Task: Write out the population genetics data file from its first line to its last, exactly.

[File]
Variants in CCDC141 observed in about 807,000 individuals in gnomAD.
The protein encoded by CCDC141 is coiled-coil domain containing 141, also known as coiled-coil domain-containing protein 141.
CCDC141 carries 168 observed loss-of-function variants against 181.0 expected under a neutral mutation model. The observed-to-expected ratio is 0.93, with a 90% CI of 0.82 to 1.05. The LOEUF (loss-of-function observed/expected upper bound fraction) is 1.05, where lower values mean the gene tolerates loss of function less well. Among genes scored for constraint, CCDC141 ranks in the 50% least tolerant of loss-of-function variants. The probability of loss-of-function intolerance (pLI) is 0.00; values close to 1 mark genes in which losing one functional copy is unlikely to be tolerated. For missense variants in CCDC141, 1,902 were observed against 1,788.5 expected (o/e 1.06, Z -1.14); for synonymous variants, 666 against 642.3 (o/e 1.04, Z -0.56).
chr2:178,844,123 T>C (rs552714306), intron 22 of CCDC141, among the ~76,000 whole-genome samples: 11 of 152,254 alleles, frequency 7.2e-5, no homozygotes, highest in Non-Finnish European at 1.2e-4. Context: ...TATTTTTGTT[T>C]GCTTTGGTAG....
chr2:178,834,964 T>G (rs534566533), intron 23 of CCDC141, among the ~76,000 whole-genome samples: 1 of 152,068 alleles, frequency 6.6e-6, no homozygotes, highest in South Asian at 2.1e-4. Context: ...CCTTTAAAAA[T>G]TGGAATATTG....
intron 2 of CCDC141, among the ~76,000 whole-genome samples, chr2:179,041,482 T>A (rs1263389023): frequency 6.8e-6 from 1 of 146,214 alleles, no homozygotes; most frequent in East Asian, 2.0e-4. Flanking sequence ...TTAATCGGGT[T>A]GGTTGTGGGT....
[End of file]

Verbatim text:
Variants in CCDC141 observed in about 807,000 individuals in gnomAD.
The protein encoded by CCDC141 is coiled-coil domain containing 141, also known as coiled-coil domain-containing protein 141.
CCDC141 carries 168 observed loss-of-function variants against 181.0 expected under a neutral mutation model. The observed-to-expected ratio is 0.93, with a 90% CI of 0.82 to 1.05. The LOEUF (loss-of-function observed/expected upper bound fraction) is 1.05, where lower values mean the gene tolerates loss of function less well. Among genes scored for constraint, CCDC141 ranks in the 50% least tolerant of loss-of-function variants. The probability of loss-of-function intolerance (pLI) is 0.00; values close to 1 mark genes in which losing one functional copy is unlikely to be tolerated. For missense variants in CCDC141, 1,902 were observed against 1,788.5 expected (o/e 1.06, Z -1.14); for synonymous variants, 666 against 642.3 (o/e 1.04, Z -0.56).
chr2:178,844,123 T>C (rs552714306), intron 22 of CCDC141, among the ~76,000 whole-genome samples: 11 of 152,254 alleles, frequency 7.2e-5, no homozygotes, highest in Non-Finnish European at 1.2e-4. Context: ...TATTTTTGTT[T>C]GCTTTGGTAG....
chr2:178,834,964 T>G (rs534566533), intron 23 of CCDC141, among the ~76,000 whole-genome samples: 1 of 152,068 alleles, frequency 6.6e-6, no homozygotes, highest in South Asian at 2.1e-4. Context: ...CCTTTAAAAA[T>G]TGGAATATTG....
intron 2 of CCDC141, among the ~76,000 whole-genome samples, chr2:179,041,482 T>A (rs1263389023): frequency 6.8e-6 from 1 of 146,214 alleles, no homozygotes; most frequent in East Asian, 2.0e-4. Flanking sequence ...TTAATCGGGT[T>A]GGTTGTGGGT....